It is August, the month when a new generation of black-legged ticks that transmit Lyme and other diseases are hatching. On forest floors, suburban estates and urban parks, they are looking for their first blood meal. And very often, in the large swaths of North America and Europe where tick-borne disease is on the rise, they are feeding on the ubiquitous white-footed mice and other small mammals notorious for harboring pathogens that sicken humans.
But it doesn’t have to be that way. A new study suggests that the rise in tick-borne disease may be tied to a dearth of traditional mouse predators, whose presence might otherwise send mice scurrying into their burrows. If mice were scarcer, larval ticks, which are always born uninfected, might feed on other mammals and bird species that do not carry germs harmful to humans. Or they could simply fail to find that first meal. Ticks need three meals to reproduce; humans are at risk of contracting diseases only from ticks that have previously fed on infected hosts.
For the study, Tim R. Hofmeester, then a graduate student at Wageningen University in the Netherlands and the lead researcher of the study, placed cameras in 20 plots across the Dutch countryside to measure the activity of foxes and stone martens, key predators of mice. Some were in protected areas, others were in places where foxes are heavily hunted.
Over two years, he also trapped hundreds of mice — and voles, another small mammal — in the same plots, counted how many ticks were on them, and tested the ticks for infection with Lyme and two other disease-causing bacteria. To capture additional ticks, he dragged a blanket across the ground.
In the plots where predator activity was higher, he found only 10 to 20 percent as many newly hatched ticks on the mice. Thus, there would be fewer ticks to pass along pathogens to next generation of mice. In the study, the density of infected “nymphs,” as the adolescent ticks are called, was at 15 percent of levels in areas where foxes and stone martens were less active.
“The predators appear to break the cycle of infection,’’ said Dr. Hofmeester, who earned his Ph.D. after the study.
Despite stuffing his pant legs into his socks and using permethrin, a tick repellent, he said he removed more than 100 ticks from his own body.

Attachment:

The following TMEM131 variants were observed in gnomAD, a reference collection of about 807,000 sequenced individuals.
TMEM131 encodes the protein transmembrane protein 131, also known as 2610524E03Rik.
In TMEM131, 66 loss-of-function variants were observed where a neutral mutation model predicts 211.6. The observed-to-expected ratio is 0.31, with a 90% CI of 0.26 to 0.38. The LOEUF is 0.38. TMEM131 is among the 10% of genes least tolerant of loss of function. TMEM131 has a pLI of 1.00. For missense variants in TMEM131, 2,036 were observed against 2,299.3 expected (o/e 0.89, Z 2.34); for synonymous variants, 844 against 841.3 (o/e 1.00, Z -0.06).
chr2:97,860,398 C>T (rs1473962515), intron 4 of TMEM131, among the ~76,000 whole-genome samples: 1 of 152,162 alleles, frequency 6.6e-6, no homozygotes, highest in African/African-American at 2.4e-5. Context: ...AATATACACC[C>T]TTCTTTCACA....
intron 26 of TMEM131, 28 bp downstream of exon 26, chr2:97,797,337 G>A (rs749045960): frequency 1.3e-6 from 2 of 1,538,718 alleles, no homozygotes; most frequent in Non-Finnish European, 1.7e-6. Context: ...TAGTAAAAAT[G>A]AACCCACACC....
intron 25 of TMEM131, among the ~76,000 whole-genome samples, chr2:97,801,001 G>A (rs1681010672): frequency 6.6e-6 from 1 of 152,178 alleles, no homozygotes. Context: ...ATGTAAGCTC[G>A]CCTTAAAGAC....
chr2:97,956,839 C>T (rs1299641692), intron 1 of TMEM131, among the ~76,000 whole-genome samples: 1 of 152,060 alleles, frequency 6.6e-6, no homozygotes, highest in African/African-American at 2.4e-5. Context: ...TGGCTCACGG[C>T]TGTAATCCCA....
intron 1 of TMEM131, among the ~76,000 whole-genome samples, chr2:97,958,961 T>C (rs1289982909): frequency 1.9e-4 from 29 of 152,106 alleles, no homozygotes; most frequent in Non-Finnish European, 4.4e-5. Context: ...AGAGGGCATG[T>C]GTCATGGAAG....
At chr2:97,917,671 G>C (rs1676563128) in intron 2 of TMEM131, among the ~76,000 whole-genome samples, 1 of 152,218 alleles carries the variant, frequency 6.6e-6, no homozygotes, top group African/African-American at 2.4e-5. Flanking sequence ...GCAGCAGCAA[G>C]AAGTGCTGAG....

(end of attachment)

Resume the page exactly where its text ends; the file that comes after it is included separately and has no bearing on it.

Interestingly, the predator activity in Dr. Hofmeester’s plots did not decrease the density of the mouse population itself, as some ecologists had theorized it might. Instead, the lower rates of infected ticks, Dr. Hofmeester suggested in the paper, published in Proceedings of the Royal Society B, may be the result of small mammals curtailing their own movement when predators are around.
“This is the first paper to empirically show that predators are good for your health with respect to tick-borne pathogens,” said Dr. Taal Levi, an ecologist at Oregon State University who was not involved in the study. “We’ve had the theory but this kind of field work is really hard and takes years.” He also said of Dr. Hofmeester, “Wow, I have to send him an email.”
Habitat fragmentation, hunting and the removal of larger predators like cougars may all figure into the dwindling of small mammal predators like foxes, weasels, fishers and martens, Dr. Levi said. If the study’s results are borne out by more research, public health officials might be moved to try interventions like protecting foxes or factoring the habitat needs of particular predators into land-use decisions to foster their population size. Nothing else — like culling deer or spraying lawns with tick-killing pesticide — has worked so far to stem the incidence of tick-borne disease, which is spreading in the Midwestern United States, in parts of Canada and at higher altitudes across Europe.
“The takeaway is, we shouldn’t underestimate the role predators can play in reducing Lyme disease risk,” said Richard S. Ostfeld, a senior scientist at the Cary Institute of Ecosystem Studies, who originally speculated on the importance of small mammal predators in a 2004 paper. “Let’s not discount these cryptic interactions that we don’t see very often unless we put camera traps in the woods.”
Because of an editing error, an earlier version of this article incorrectly described the number of newly hatched ticks found on mice in areas of a study where predator activity was higher. It was 10 to 20 percent, not 5 to 10 percent. The density of infected adolescent ticks in areas where foxes and stone martens were active was also incorrectly described. It was 15 percent, not 6 percent, of levels in areas where foxes and stone martens were less active.